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Quetiapine for ADHD

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Quetiapine for ADHD

Quetiapine is an atypical antipsychotic.1
It also has an antidepressant effect.2
Quetiapine has addictive potential and is increasingly being abused.3

In lower doses, it is used as a sleeping pill. The relatively short plasma half-life of 2.5 to 5 hours4 is favorable for this.

1. Quetiapine is an antagonist of

  • Serotonin receptor 5-HT2A2
    • Thereby increasing the dopamine level in the PFC
  • Serotonin receptor 5-HT2C via the metabolite norquetiapine2
    • Receptor binding in the PFC of 72 % after 2 hours at 450 mg4
    • Receptor binding of 50 % after 26 hours at 450 mg4
  • Dopamine receptor D2
    • Leads to antipsychotic effect
    • Receptor binding in the striatum of 44 % after 2 hours at 450 mg4
    • Receptor binding after 26 hours as in untreated healthy individuals at 450 mg4
    • The D2 antagonism of quetiapine is therefore weaker than the 5HT antagonism.5
    • Relatively low affinity for dopamine D2 receptors, with an occupancy half-life of 10 hours, which was around twice as long as that of plasma4
  • Σ-Adrenoceptor (especially A2)2
    • Thereby increasing the dopamine level in the PFC
  • Noradrenaline transporter NAT via the metabolite norquetiapine2
    • Resulting in increased noradrenaline levels
  • Histamine receptor H1
  • Glutamate NMDA
    • Quetiapine reduces the mRNA levels for some subunits of the glutamate NMDA receptor NR-1 and NR-2.2
    • Reduction in the density of NMDA receptors in the caudate nucleus (putamen) (but not in the cortex or limbic system), as well as clozapine or haloperidol2

2. Quetiapine is an agonist of

  • Serotonin receptor 5-HT1A (partial)2
    • Thereby increasing the dopamine level in the PFC
  • Glutamate-AMPA
    • Increase in the density of glutamate AMPA receptors in the caudate nucleus (putamen) (but not in the cortex or limbic system), as well as clozapine or haloperidol 2
    • Quetiapine caused a significant increase in the GluR-B and GluR-C subunits of the AMPA receptor in the hippocampus of rats.2
  • Sigma-1 receptors
    • Conveys antidepressant effect6
      • Can be additionally increased by σ1-agonists (+)-pentazocine
      • Can be reduced by σ1 antagonists BD1063

The indirect inhibition of the 5-HT2C receptors causes an inhibition of GABA release in the brain stem, which in turn causes a release of noradrenaline and dopamine in the PFC.2

According to this understanding, GABA is underrepresented in ADHD-I and overrepresented in ADHD-HI. Against this background, quetiapine would hypothetically be more useful in ADHD-HI and less recommended in ADHD-I,

3. Use of quetiapine

Quetiapine is mainly used for schizophrenia and bipolar disorder (manic-depressive).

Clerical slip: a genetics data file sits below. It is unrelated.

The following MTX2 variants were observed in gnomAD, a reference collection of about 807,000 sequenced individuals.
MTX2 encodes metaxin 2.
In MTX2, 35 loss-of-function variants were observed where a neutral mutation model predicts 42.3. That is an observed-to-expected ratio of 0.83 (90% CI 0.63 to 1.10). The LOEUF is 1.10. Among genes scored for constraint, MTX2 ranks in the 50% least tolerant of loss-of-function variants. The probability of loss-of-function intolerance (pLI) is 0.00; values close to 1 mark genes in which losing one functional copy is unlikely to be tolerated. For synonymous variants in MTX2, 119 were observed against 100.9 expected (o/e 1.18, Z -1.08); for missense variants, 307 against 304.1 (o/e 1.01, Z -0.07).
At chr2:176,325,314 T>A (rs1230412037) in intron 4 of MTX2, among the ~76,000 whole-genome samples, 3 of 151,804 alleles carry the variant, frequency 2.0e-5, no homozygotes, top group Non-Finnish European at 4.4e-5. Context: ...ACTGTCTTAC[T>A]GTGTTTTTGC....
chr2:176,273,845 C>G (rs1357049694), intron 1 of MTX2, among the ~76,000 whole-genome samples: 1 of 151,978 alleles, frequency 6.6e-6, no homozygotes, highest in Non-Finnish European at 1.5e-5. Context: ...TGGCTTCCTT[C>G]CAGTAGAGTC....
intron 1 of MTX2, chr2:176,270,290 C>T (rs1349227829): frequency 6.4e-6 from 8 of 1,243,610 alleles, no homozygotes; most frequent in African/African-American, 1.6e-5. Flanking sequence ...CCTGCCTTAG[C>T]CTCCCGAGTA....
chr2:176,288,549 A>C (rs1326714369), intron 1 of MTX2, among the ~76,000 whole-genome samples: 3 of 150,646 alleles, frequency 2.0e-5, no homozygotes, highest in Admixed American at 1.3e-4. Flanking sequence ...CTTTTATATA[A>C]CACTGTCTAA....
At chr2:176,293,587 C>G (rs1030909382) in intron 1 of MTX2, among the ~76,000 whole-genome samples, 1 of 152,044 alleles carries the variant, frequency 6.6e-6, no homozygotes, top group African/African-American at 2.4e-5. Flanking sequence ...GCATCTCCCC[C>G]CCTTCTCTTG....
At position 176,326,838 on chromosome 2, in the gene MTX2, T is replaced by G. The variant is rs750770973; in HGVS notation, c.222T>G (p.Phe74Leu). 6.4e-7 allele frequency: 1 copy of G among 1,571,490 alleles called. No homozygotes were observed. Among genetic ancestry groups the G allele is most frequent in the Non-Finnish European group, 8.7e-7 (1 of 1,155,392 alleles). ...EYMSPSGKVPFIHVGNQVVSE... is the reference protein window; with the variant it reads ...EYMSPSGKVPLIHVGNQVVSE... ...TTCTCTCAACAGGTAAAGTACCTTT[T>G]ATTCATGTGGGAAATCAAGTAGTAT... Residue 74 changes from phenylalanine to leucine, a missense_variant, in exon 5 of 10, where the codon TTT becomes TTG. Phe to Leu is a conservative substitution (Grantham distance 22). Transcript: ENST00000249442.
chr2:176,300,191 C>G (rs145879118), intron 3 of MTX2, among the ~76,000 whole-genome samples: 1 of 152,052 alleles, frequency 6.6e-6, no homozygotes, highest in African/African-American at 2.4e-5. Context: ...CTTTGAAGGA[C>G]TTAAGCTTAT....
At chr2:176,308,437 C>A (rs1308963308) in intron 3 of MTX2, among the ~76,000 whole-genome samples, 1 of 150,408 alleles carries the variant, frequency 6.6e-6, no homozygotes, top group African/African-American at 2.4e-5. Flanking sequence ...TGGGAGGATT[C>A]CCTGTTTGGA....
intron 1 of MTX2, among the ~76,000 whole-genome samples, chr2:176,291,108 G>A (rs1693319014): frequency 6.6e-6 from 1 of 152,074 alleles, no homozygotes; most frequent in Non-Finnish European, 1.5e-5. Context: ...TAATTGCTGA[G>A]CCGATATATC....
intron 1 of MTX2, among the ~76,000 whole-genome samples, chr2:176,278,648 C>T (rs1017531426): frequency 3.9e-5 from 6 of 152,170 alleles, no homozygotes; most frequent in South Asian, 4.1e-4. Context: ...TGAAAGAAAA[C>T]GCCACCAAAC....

So far, primary use has tended to be in relation to (massive) comorbidities, not in relation to ADHD itself.

A study on the treatment of ODD by administering quetiapine (= augmentation) in addition to an SSRI did not find any significant improvement in the effect.7

In ADHD, quetiapine is used off-label in low doses for the frequent sleep problems. Due to its short half-life, it can be used for this purpose despite the (albeit relatively weak) D2 antagonism.8 Nevertheless, qetiapine at 450 mg showed a receptor occupancy of 44 % of the dopamine D2 receptors in the striatum within 2 hours, which only fell back to the level of untreated healthy volunteers after 26 hours.4 As a sleeping pill, however, the dosage is much lower at between 12.5 and 100 mg.
In view of the potential for addiction and abuse of quetiapine, it should be used with great caution.3


  1. Edel, Vollmoeller (2006): Aufmerksamkeitsdefizit-/Hyperaktivitätsstörung bei Erwachsenen, Seite 45

  2. Prieto, Micó, Meana, Majadas (2010): Neurobiological bases of quetiapine antidepresant effect in the bipolar disorder. Actas Esp Psiquiatr. 2010 Jan-Feb;38(1):22-32.

  3. Vento AE, Kotzalidis GD, Cacciotti M, Papanti GD, Orsolini L, Rapinesi C, Savoja V, Calabrò G, Del Casale A, Piacentino D, Caloro M, Girardi P, Schifano F (2020): Quetiapine Abuse Fourteen Years Later: Where Are We Now? A Systematic Review. Subst Use Misuse. 2020;55(2):304-313. doi: 10.1080/10826084.2019.1668013. PMID: 31573374.

  4. Gefvert, Bergström, Långström, Lundberg, Lindström, Yates (1998): Time course of central nervous dopamine-D2 and 5-HT2 receptor blockade and plasma drug concentrations after discontinuation of quetiapine (Seroquel) in patients with schizophrenia. Psychopharmacology (Berl). 1998 Jan;135(2):119-26. doi: 10.1007/s002130050492. PMID: 9497016.

  5. Guzman (2019): Mechanism of Action of Quetiapine. Psychopharmacology Institute

  6. Weber, Wünsch (2017): Sigma-Rezeptor – Das unbekannte Target; Pharmazeutische Zeitung, Ausgabe 05/2017, 30.01.2017

  7. Kordon, Wahl, Koch, Zurowski, Anlauf, Vielhaber, Kahl, Broocks, Voderholzer, Hohagen (2008): Quetiapine addition to serotonin reuptake inhibitors in patients with severe obsessive-compulsive disorder: a double-blind, randomized, placebo-controlled study. J Clin Psychopharmacol. 2008 Oct;28(5):550-4. doi: 10.1097/JCP.0b013e318185e735.

  8. Kölle (2021): Schlaf und ADHS, Vortrag auf dem ADHS-Symposium des ADHS Deutschland e.V.

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